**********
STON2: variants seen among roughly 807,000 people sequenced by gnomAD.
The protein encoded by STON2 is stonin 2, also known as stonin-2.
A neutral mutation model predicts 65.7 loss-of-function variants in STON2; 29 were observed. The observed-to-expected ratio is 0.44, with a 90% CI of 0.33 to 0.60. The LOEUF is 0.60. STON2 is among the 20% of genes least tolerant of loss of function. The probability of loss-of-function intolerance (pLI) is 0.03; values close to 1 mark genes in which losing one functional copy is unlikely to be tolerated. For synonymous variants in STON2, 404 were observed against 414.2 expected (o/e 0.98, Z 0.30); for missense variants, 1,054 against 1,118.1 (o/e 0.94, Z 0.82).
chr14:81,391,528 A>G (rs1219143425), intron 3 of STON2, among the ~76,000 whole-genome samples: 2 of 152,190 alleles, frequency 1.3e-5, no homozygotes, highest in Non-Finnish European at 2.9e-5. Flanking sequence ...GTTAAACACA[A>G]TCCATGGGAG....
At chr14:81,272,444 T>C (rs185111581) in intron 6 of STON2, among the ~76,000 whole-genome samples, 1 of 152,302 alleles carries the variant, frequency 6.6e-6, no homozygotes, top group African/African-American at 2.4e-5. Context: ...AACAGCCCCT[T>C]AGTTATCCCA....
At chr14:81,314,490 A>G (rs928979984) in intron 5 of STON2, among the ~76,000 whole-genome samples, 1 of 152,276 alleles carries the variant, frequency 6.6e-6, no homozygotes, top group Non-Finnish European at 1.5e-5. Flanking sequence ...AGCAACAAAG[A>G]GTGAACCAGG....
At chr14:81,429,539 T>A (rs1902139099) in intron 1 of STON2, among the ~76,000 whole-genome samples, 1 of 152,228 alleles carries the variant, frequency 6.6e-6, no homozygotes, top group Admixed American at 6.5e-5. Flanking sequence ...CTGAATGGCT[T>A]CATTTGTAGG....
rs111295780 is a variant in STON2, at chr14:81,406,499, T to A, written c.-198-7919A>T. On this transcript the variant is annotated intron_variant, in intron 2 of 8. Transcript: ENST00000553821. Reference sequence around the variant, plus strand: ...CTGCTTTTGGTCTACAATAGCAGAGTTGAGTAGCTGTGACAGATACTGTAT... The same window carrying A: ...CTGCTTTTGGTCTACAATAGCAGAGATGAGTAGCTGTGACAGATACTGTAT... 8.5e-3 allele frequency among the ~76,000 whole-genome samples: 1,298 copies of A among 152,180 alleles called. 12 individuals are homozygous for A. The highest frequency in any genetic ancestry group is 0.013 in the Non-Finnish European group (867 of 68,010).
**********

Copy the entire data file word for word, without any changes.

STON2: variants seen among roughly 807,000 people sequenced by gnomAD.
The protein encoded by STON2 is stonin 2, also known as stonin-2.
A neutral mutation model predicts 65.7 loss-of-function variants in STON2; 29 were observed. The observed-to-expected ratio is 0.44, with a 90% CI of 0.33 to 0.60. The LOEUF is 0.60. STON2 is among the 20% of genes least tolerant of loss of function. The probability of loss-of-function intolerance (pLI) is 0.03; values close to 1 mark genes in which losing one functional copy is unlikely to be tolerated. For synonymous variants in STON2, 404 were observed against 414.2 expected (o/e 0.98, Z 0.30); for missense variants, 1,054 against 1,118.1 (o/e 0.94, Z 0.82).
chr14:81,391,528 A>G (rs1219143425), intron 3 of STON2, among the ~76,000 whole-genome samples: 2 of 152,190 alleles, frequency 1.3e-5, no homozygotes, highest in Non-Finnish European at 2.9e-5. Flanking sequence ...GTTAAACACA[A>G]TCCATGGGAG....
At chr14:81,272,444 T>C (rs185111581) in intron 6 of STON2, among the ~76,000 whole-genome samples, 1 of 152,302 alleles carries the variant, frequency 6.6e-6, no homozygotes, top group African/African-American at 2.4e-5. Context: ...AACAGCCCCT[T>C]AGTTATCCCA....
At chr14:81,314,490 A>G (rs928979984) in intron 5 of STON2, among the ~76,000 whole-genome samples, 1 of 152,276 alleles carries the variant, frequency 6.6e-6, no homozygotes, top group Non-Finnish European at 1.5e-5. Flanking sequence ...AGCAACAAAG[A>G]GTGAACCAGG....
At chr14:81,429,539 T>A (rs1902139099) in intron 1 of STON2, among the ~76,000 whole-genome samples, 1 of 152,228 alleles carries the variant, frequency 6.6e-6, no homozygotes, top group Admixed American at 6.5e-5. Flanking sequence ...CTGAATGGCT[T>A]CATTTGTAGG....
rs111295780 is a variant in STON2, at chr14:81,406,499, T to A, written c.-198-7919A>T. On this transcript the variant is annotated intron_variant, in intron 2 of 8. Transcript: ENST00000553821. Reference sequence around the variant, plus strand: ...CTGCTTTTGGTCTACAATAGCAGAGTTGAGTAGCTGTGACAGATACTGTAT... The same window carrying A: ...CTGCTTTTGGTCTACAATAGCAGAGATGAGTAGCTGTGACAGATACTGTAT... 8.5e-3 allele frequency among the ~76,000 whole-genome samples: 1,298 copies of A among 152,180 alleles called. 12 individuals are homozygous for A. The highest frequency in any genetic ancestry group is 0.013 in the Non-Finnish European group (867 of 68,010).